When it comes time to investigate residential aged care for yourself, your partner, parent or relative, the search for a facility and how to pay for it can seem daunting. The system is complex, and decisions often need to be made in the midst of a health crisis.
But with multiple ways to pay for aged care, it’s possible to focus on finding the facility that best suits your loved one, rather than just the cost.
Factors such as location to family and friends, reputation for care or general appeal are just as important as the sometimes-high price of a room and other fees in residential aged care.
Even so, costs can’t be ignored.
Most costs in aged care are set and regulated under the Aged Care Act, making them consistent for all facility operators across the country.i The facility itself, may differ in age, size, location, additional service offers and suitability.
Breakdown of aged care costs
Source: Aged Care Steps
The first thing to be aware of when researching your residential aged care options is that there are separate costs for the accommodation and the care provided by the facility.
The accommodation payment essentially covers your right to occupy a room. Every room in aged care will have a market price and all residents who are assessed by the government as having to pay this price have a choice. You can pay this accommodation fee as a lump sum called the Refundable Accommodation Deposit (RAD), or a daily rate similar to rent, or combination of both.
The daily rate is known as the Daily Accommodation Payment or DAP and is effectively a daily interest rate set by the government. The current daily rate is 4.04 per cent. If the RAD is $550,000 then the equivalent DAP is $60.87 a day ($550,000 x 4.04%, divided by 365 days).
A resident can pay as much or as little towards the RAD as they choose, but any outstanding amount is charged as a DAP.
For example, if the RAD is $550,000 and you pay $200,000 towards it, you will still have a $38.74 DAP to pay. Depending on the resident’s circumstances, they might opt to pay the DAP from a regular income stream such as a pension or from existing savings. Or if an amount was paid towards the RAD, the DAP can be drawn from it.
The RAD is fully refundable to the estate, unless it is used to pay any of the aged care costs such as the DAP.
As well as an accommodation cost there are daily resident fees that cover living and care costs. There is a basic daily fee which everyone pays and is set at 85 per cent of the basic single Age Pension. The current rate is $52.71 a day and covers the essentials such as food, laundry, utilities and basic care.
Then there is a means tested care fee which is determined by Services Australia or Veteran’s Affairs. This figure can range from $0 to about $256 a day depending on a person’s income and assets. The figure has an indexed annual and a lifetime cap – currently set at $28,339 a year or $68,013 over a lifetime.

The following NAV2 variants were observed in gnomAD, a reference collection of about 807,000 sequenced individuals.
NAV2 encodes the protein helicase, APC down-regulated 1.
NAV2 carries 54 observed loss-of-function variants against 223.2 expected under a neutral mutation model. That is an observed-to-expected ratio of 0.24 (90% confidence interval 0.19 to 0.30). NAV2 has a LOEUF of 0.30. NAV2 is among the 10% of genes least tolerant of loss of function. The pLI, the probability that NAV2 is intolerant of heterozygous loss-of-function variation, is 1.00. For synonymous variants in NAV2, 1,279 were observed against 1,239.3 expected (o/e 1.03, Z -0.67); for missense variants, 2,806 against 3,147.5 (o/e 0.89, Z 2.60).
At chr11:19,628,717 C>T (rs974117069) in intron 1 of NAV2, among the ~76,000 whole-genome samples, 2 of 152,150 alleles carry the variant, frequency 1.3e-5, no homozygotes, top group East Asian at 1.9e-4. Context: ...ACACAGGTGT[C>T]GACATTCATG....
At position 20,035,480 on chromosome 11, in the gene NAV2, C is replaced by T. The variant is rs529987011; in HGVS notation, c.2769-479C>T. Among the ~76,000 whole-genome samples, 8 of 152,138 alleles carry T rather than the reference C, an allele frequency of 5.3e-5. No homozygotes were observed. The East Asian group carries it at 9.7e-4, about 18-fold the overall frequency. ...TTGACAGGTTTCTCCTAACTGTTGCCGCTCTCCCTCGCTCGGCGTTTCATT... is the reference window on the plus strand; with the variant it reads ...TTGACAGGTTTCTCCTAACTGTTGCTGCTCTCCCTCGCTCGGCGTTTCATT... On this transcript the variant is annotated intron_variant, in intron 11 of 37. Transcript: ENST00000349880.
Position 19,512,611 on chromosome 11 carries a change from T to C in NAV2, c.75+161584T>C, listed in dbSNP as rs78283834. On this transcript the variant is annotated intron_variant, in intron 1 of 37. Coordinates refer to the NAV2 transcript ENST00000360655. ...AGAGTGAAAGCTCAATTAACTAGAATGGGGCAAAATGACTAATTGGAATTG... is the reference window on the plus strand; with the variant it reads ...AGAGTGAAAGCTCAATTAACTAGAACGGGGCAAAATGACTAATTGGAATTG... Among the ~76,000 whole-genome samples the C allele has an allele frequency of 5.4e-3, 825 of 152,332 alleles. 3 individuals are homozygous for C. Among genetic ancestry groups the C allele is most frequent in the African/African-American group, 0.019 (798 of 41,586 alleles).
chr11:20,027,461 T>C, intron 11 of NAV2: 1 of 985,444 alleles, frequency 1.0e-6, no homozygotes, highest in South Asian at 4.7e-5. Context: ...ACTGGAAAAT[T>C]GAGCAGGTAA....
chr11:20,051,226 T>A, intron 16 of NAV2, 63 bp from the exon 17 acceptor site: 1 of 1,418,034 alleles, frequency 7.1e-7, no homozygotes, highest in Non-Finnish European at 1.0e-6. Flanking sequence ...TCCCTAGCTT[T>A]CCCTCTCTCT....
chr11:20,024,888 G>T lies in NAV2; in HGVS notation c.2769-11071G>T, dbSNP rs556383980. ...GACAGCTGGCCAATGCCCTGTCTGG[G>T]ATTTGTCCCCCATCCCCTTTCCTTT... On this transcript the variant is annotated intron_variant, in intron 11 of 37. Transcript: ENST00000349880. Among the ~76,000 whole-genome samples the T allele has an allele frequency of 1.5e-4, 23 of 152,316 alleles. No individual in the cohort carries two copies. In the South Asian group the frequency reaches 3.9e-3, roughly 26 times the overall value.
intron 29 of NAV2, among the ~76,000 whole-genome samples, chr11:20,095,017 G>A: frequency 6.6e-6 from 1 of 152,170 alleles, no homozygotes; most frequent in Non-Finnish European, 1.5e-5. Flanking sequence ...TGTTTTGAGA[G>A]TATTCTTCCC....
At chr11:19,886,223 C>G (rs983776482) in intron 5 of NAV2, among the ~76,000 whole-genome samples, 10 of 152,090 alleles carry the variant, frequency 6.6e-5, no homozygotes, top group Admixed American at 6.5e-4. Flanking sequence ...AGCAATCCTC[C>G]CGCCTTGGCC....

Some facilities offer extra services, where a compulsory extra services fee is paid. It has nothing to do with care but may include extras like special outings, a choice of meals, wine with meals and daily newspaper delivery. It can range from $20-$100 a day.
Increasingly facilities are introducing an additional service fee which may be offered on an opt-in basis but is often non-negotiable, to cover things like TV in the room, meal choice or nicer furnishings. Typically they are between $10 and $60 a day.
A means assessment determines if you need to pay the means-tested care fee and if the government will contribute to your accommodation costs. Everyone who moves into an aged care home is quoted a room price before moving in. The means assessment then determines if you will have to pay the agreed room price or RAD or contribute towards it.
How means testing works
A means-tested amount above a certain threshold is used to determine whether you pay the quoted RAD and how much the government contributes towards the means-tested care fee. The more you pay the less the government pays on your behalf.
A person on the full Age Pension and with property and assets below about $37,155 would have all their costs met by the government, except the $52.71 a day basic daily fee.
A person on the full Age Pension with property and a protected person, such as their spouse, living in it and assets between $37,155 and $173,075 may be asked to contribute towards their accommodation and care.
To be classified a low means resident there would be assessable assets below $173,075.20 (indexed). It is also subject to an income test.
A low means resident may pay a Daily Accommodation Contribution (DAC) instead of a DAP which can then be converted to a Refundable Accommodation Contribution (RAC). They may also pay a small means-tested care fee.
The fees you may pay for residential care and how you pay them requires careful consideration. For example, selling assets such as the former home to pay for your residential care can affect your aged care fees and Age Pension entitlements.
If you would like to discuss aged care payment options and how to ensure you find the right residential care at a cost you or your loved one can afford, give us a call.
i All costs quoted in this article are available on https://www.myagedcare.gov.au/aged-care-home-costs-and-fees
Robert Sekulovski of The Wealth Quay is an Authorised Representative of RI Advice Group Pty Ltd, ABN 23 001 774 125 AFSL 238429. This editorial does not consider your personal circumstances and is of a general nature only – unless otherwise stated. You should not act on the information provided without first obtaining professional financial advice specific to your circumstances.